From hundred year-old family portraits to wedding photos to your favorite snapshot from your last vacation, photographs are one of the best ways to capture memories. Even in the best of conditions photographs can suffer strange fates over time. Many of us remember that shoe box full of polaroids or the album with sticky, glue-lined pages full of faded, yellowing prints. Although we look back fondly on afternoons spent combing over these treasures, as it turns out these are very poor methods for storage. Temperature, humidity, adhesives, dust, insects, rips and tear, and even light itself, can be quite harmful. Since you can’t always predict what might happen preservation of these valuable photos is very important. This is where photograph restoration comes in.
Of all the different things that can happen to your photos, there are two main categories of damage: chemical deterioration and physical deterioration. Chemicals in the print itself undergo reactions over time either with catalysts in the environment or because the elements themselves are inherently unstable. Physical damage is represented by rips, tears, water stains, abrasive marks and stains left behind by insects, just to name a few.
Environmental factors like temperature and humidity fluctuations are problematic and can cause both chemical and physical damage. High humidity can cause problems like silver mirroring, discoloration and warping of the support layers in the photo. Silver mirroring is common in older photos and manifests as a silver/bluish reflective appearance in areas of dark shadows and is usually indicative of improper storage and unchecked humidity. In this process, air pollution and humidity team up (especially at higher temperatures) and oxidize the metallic silver in the emulsion layer of the photograph creating silver ions. These silver ions then migrate to the surface of the image giving the reflective, silvery/blue cast.
Light can also cause big problems with photos. Both natural UV light from the sun and man-made sources like fluorescent lights fade photos. Color photographs consist basically of red, green and blue (RGB) reactive dyes that, when exposed to light, create the final image. Of these three colors, red is usually the more resilient and as a result blue and green fade faster and leave behind the familiar reddish-orange look. Typically, color photos are more susceptible to fading than black and white photos due to the composition of the emulsion layer (the layer that reacts with light and actually creates the image). But fading isn’t dependent on light. Photos can fade in the dark (dark-fading) due to the inherent instability of the materials themselves. Obviously, older photos have had more time to experience these things, but also the way photo paper was made way back when contributes significantly to the likelihood of damage.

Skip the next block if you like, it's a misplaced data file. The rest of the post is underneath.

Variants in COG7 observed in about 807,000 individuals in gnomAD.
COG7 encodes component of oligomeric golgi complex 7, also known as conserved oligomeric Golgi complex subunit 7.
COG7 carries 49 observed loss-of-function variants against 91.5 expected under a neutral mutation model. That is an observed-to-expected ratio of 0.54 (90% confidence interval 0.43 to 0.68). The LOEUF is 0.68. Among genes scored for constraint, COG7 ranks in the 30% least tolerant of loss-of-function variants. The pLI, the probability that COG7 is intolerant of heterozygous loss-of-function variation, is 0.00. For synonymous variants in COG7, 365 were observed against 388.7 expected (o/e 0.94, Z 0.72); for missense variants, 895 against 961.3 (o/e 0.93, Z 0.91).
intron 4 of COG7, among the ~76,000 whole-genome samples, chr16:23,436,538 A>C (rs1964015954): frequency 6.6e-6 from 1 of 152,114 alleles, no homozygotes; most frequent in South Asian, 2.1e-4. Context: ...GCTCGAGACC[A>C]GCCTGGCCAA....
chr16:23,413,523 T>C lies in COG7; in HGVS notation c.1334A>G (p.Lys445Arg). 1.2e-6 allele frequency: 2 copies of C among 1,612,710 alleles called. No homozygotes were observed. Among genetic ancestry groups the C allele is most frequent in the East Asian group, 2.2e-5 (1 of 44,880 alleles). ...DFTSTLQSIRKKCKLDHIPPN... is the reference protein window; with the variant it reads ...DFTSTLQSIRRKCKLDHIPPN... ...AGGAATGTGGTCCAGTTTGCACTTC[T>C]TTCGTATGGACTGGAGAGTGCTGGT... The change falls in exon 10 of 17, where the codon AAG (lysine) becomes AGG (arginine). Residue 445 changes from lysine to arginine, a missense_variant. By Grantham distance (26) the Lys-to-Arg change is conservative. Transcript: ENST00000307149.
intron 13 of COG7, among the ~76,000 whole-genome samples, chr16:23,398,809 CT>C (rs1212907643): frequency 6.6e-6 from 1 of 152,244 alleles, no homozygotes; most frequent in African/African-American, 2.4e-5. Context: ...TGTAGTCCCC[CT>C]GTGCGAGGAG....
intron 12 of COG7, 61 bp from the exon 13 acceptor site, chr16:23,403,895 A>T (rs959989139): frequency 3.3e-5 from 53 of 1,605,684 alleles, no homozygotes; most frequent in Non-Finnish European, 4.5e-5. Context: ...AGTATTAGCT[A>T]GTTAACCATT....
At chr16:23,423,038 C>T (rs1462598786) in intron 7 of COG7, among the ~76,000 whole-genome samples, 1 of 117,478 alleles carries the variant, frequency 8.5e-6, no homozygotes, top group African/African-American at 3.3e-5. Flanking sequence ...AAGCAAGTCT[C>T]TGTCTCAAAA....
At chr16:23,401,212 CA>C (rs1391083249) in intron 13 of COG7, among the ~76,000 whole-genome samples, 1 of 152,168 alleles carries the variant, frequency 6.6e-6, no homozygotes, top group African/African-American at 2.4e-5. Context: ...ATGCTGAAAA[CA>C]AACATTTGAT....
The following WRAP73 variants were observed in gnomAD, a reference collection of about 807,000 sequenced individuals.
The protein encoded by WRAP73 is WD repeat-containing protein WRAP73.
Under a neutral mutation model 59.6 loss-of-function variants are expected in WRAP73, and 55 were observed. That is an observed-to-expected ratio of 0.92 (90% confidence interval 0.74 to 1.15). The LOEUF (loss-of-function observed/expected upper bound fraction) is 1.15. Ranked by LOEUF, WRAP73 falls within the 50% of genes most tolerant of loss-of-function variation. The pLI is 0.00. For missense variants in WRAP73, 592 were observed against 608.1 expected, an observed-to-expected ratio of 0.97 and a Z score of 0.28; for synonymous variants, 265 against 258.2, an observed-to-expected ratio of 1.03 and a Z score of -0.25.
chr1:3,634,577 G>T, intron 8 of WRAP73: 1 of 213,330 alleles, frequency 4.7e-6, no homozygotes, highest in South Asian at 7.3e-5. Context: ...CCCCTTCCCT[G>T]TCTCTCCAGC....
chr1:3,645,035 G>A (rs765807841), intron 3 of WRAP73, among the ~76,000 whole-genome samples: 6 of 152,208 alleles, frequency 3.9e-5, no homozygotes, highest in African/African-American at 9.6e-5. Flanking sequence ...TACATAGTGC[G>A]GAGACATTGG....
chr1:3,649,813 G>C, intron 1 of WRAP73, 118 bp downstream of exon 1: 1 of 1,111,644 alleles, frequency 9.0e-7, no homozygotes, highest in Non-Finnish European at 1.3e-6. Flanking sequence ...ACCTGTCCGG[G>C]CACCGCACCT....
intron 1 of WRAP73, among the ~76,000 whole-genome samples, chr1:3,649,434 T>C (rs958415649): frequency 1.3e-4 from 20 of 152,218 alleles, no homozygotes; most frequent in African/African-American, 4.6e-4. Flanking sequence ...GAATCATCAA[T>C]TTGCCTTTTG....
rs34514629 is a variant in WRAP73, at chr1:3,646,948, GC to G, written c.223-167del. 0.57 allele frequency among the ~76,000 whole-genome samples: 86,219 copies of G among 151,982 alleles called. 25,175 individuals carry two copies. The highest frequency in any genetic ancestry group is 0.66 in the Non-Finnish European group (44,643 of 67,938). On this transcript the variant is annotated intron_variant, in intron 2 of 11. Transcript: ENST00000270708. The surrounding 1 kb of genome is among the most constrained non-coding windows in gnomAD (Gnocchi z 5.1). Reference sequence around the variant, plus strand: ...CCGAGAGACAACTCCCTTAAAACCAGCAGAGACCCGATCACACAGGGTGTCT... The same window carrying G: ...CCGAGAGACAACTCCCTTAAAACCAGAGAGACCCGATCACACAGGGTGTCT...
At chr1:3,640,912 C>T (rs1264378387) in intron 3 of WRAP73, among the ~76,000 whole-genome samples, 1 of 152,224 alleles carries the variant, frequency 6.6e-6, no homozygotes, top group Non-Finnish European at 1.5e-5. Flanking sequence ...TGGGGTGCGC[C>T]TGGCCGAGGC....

Rips and tears are pretty self-explanatory and can be more or less critical depending on where they happen. If a tear goes through some part of the background, or a solid area of color, it’s easier and less time consuming to repair. If, however, the crack, crease or tear runs through an important detail like someone’s face, it’s more difficult to repair. Creases, cracks, tears and water damage are some of the more common issues found in photos and can prove to be more troublesome. On the bright side, once a glaring physical issue like that is resolved, the result is astonishing.
Another challenge with older photos is air pollution. The presence of oxidants and/or sulfiding gases, as well as dust particles and other indoor pollution, can greatly affect your photos. The worst part is that these things can come from oddly surprising places, like plywood, cardboard, paint fumes and cleaning supplies. Of the many problems these factors cause, foxing is one of the more common.
Foxing is the term used to describe the appearance of speckles throughout a photograph; it is typically seen in older, vintage papers. The exact cause of foxing is not well understood but there are many theories. One theory is that it is caused by clusters of microscopic fungus that clump together to form the small dots. Another is oxidation. Much like rusting metal, oxygen mixes with elements in the photo to create brown or reddish (like the color of a fox, hence the name foxing) spots. Still another theory is humidity, which is a broader explanation and usually associated with other factors.
At Four Corners Gallery we use state-of-the-art technology and processes to restore and recover images that would have otherwise been lost for good. In doing so we are able to not only give you quality, archival prints that will long outlast traditional photographic prints, but we retain digitized copies in our records should you want additional prints, different sized photos, or, heaven forbid a replacement because something happened to your newly-restored print. Think of this process as an insurance policy that protects your cherished photos from any eventuality.